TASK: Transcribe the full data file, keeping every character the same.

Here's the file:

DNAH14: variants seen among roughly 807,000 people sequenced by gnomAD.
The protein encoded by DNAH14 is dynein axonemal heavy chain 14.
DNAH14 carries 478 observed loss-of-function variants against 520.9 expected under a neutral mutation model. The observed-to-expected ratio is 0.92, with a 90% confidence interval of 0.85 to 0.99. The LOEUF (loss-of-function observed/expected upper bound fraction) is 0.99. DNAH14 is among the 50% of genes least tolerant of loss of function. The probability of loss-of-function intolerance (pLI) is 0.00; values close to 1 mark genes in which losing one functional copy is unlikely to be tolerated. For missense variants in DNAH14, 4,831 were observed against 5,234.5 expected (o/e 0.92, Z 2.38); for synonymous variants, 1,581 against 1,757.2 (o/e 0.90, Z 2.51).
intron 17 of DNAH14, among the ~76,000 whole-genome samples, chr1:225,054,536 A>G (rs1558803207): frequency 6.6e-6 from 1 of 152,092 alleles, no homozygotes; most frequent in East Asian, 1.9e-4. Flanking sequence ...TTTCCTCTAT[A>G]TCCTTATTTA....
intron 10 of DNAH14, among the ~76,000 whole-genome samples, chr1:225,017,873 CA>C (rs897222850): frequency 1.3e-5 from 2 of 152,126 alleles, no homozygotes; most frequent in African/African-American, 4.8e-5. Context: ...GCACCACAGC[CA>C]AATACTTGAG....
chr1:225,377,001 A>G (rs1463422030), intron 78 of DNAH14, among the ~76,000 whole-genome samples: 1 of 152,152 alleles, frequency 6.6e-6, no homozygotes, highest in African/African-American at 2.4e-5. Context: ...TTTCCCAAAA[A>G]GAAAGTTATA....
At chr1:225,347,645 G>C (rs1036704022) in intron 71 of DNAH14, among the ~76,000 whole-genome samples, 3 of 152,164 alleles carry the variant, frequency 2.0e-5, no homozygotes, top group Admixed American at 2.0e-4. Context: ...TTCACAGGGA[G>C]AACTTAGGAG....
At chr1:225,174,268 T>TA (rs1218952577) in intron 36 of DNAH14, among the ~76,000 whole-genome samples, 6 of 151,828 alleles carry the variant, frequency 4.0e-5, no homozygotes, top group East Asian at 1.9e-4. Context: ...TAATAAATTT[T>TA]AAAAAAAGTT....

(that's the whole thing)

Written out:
DNAH14: variants seen among roughly 807,000 people sequenced by gnomAD.
The protein encoded by DNAH14 is dynein axonemal heavy chain 14.
DNAH14 carries 478 observed loss-of-function variants against 520.9 expected under a neutral mutation model. The observed-to-expected ratio is 0.92, with a 90% confidence interval of 0.85 to 0.99. The LOEUF (loss-of-function observed/expected upper bound fraction) is 0.99. DNAH14 is among the 50% of genes least tolerant of loss of function. The probability of loss-of-function intolerance (pLI) is 0.00; values close to 1 mark genes in which losing one functional copy is unlikely to be tolerated. For missense variants in DNAH14, 4,831 were observed against 5,234.5 expected (o/e 0.92, Z 2.38); for synonymous variants, 1,581 against 1,757.2 (o/e 0.90, Z 2.51).
intron 17 of DNAH14, among the ~76,000 whole-genome samples, chr1:225,054,536 A>G (rs1558803207): frequency 6.6e-6 from 1 of 152,092 alleles, no homozygotes; most frequent in East Asian, 1.9e-4. Flanking sequence ...TTTCCTCTAT[A>G]TCCTTATTTA....
intron 10 of DNAH14, among the ~76,000 whole-genome samples, chr1:225,017,873 CA>C (rs897222850): frequency 1.3e-5 from 2 of 152,126 alleles, no homozygotes; most frequent in African/African-American, 4.8e-5. Context: ...GCACCACAGC[CA>C]AATACTTGAG....
chr1:225,377,001 A>G (rs1463422030), intron 78 of DNAH14, among the ~76,000 whole-genome samples: 1 of 152,152 alleles, frequency 6.6e-6, no homozygotes, highest in African/African-American at 2.4e-5. Context: ...TTTCCCAAAA[A>G]GAAAGTTATA....
At chr1:225,347,645 G>C (rs1036704022) in intron 71 of DNAH14, among the ~76,000 whole-genome samples, 3 of 152,164 alleles carry the variant, frequency 2.0e-5, no homozygotes, top group Admixed American at 2.0e-4. Context: ...TTCACAGGGA[G>C]AACTTAGGAG....
At chr1:225,174,268 T>TA (rs1218952577) in intron 36 of DNAH14, among the ~76,000 whole-genome samples, 6 of 151,828 alleles carry the variant, frequency 4.0e-5, no homozygotes, top group East Asian at 1.9e-4. Context: ...TAATAAATTT[T>TA]AAAAAAAGTT....